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The results are not entirely clear. There are studies which do find negative impacts – that the children of holocaust survivors, for example, can experience emotional problems of their own, difficulties in relationships, in the way they function. Researchers in Northern Ireland concluded that the transmission of trauma to children of victims of the Troubles made them more prone to developing toxic stress in childhood. But some research has ended up in an entirely different place, finding that trauma in a parents’ life can lead to higher resilience in children. And yet more studies have concluded that there is no clear effect whatsoever.

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Bibi van der Zee — The Guardian

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The Unique Struggle of Mental Health Caregivers


One of the reasons depression can put a strain on relationships is because often the caregiver is left without the proper resources. According to the 2016 study, a full quarter of the 8 million mental health caregivers claimed that they have trouble finding a mental health professional for their loved one. Even once a professional is identified, additional services are harder to find; a majority of caregivers report experiencing trouble finding day programs or treatment (64%) or peer support (58%). About half have difficulty arranging a case manager (49%), in-patient treatment (48%), or treatment for substance abuse (45%). Once those resources are found, many caretakers report difficulty navigating the insurance system to get adequate coverage. There simply are not as many resources or services available for mental health caregivers as there are for people caring for those with physical disabilities.

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Dani Fleischer — Medium

Doctors aghast at Groupon deals for medical care


With AFP Story by Fabienne Faur: Lifesty

The sad state of medicine.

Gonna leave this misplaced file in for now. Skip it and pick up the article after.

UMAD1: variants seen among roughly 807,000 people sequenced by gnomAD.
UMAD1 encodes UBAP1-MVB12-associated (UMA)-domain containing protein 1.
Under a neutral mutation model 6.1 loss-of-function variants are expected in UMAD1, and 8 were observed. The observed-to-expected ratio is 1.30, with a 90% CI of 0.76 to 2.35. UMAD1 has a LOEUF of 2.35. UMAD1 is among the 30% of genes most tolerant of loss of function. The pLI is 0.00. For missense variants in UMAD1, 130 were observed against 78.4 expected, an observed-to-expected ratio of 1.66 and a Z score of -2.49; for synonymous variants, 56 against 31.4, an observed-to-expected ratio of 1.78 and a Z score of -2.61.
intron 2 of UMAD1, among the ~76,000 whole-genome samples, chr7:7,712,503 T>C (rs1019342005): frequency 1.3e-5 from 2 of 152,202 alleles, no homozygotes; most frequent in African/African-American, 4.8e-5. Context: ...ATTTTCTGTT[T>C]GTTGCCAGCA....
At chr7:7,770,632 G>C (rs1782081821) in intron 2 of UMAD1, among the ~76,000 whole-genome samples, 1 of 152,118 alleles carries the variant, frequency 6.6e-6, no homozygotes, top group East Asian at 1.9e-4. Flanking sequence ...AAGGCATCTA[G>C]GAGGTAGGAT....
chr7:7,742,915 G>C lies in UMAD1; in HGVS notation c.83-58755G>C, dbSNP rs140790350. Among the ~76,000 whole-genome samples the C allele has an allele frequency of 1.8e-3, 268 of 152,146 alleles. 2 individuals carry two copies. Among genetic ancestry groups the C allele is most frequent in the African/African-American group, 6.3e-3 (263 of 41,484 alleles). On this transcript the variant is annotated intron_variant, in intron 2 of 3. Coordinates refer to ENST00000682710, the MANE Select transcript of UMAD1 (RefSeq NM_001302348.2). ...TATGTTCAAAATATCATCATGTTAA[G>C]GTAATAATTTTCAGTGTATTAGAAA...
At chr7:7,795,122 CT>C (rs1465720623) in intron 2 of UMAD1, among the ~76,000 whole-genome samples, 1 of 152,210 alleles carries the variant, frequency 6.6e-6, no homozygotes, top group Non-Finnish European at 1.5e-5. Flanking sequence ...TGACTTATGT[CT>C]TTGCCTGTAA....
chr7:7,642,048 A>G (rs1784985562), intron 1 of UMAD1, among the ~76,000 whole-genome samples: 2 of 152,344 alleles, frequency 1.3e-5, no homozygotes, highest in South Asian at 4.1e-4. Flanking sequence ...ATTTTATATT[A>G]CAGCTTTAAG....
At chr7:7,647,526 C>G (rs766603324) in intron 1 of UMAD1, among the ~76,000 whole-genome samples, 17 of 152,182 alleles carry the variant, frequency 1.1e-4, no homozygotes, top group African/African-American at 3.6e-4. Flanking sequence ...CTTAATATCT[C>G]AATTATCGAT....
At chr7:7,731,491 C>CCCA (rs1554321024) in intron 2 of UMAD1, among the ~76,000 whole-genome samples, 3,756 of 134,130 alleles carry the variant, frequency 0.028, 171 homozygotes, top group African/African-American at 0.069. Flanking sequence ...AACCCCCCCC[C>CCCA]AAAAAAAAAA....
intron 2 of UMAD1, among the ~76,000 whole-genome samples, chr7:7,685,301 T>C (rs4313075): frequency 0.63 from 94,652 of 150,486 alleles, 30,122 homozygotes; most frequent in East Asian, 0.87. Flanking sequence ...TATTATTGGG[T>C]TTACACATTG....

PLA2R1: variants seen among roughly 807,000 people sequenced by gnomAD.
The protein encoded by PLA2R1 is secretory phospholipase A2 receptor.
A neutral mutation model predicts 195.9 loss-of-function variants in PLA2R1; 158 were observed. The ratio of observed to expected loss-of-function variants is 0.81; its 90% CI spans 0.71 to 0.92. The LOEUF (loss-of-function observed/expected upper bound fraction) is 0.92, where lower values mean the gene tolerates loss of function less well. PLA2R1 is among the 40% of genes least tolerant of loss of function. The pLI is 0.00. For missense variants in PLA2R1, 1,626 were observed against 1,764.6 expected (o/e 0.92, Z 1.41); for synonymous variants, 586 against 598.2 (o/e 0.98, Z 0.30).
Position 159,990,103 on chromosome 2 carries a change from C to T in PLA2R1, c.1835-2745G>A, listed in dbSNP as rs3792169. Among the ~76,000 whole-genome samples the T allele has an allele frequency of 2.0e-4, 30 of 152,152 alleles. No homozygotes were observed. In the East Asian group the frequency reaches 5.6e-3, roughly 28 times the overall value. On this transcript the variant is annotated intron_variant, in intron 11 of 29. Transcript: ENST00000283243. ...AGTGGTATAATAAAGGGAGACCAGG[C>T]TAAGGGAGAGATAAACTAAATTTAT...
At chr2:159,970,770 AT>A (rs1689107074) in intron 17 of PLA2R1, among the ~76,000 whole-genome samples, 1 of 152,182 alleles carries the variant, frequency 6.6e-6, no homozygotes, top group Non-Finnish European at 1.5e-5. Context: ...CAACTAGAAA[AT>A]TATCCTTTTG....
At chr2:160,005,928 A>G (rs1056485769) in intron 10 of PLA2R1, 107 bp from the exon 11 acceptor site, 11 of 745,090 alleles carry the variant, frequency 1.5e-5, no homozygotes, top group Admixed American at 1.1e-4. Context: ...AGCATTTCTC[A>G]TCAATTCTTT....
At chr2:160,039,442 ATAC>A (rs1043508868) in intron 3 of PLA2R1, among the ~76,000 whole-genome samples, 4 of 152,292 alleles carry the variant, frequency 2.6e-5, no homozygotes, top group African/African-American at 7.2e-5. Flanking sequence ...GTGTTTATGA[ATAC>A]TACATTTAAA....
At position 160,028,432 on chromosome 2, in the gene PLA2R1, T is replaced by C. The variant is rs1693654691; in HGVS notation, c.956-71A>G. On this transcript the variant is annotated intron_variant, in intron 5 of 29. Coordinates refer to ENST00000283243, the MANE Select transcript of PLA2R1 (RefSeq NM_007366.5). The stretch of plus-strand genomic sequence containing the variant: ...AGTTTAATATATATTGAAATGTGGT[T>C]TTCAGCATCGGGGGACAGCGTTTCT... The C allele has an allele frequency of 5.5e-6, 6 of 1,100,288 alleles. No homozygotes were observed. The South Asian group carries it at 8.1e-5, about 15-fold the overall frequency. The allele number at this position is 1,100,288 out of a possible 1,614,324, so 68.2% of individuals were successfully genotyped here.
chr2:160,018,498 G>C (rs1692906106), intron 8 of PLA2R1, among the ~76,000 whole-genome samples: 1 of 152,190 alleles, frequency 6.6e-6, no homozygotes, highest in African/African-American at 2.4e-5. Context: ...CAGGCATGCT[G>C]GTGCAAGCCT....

The deals—which have actually been around for years—cover things like elective medical services, dental work, eye care, and preventative scans, such as mammograms. They’re often used by people who do not have health insurance or have limited coverage. Still, some insured patients turn to them for cost-saving deals, more pricing transparency, and control over their healthcare bills. Without the coupons, the same services provided by some hospitals and providers can have wildly varied pricing, which can be nearly impossible to estimate in advance.

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Beth Mole — Ars Technica

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A Friends-and-Family Intervention for Preventing Teen Suicide


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A meaningful article on how to prevent teen suicide.

In King’s approach, teens nominate trusted adults — for example, parents, grandparents, aunts, uncles, family friends, teachers, and clergy — to serve as a support team. (Parents have veto power.) The adults then get an hour-long training session and weekly phone calls from King’s intervention specialists to talk about how things are going. They are cautioned to not feel responsible for the teen’s behavior — “We’re not asking them to be mental health professionals,” King said — but they agree to check-in with their teens once a week by phone, a face-to-face meeting, or an outing.

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Jill U. Adams — Undark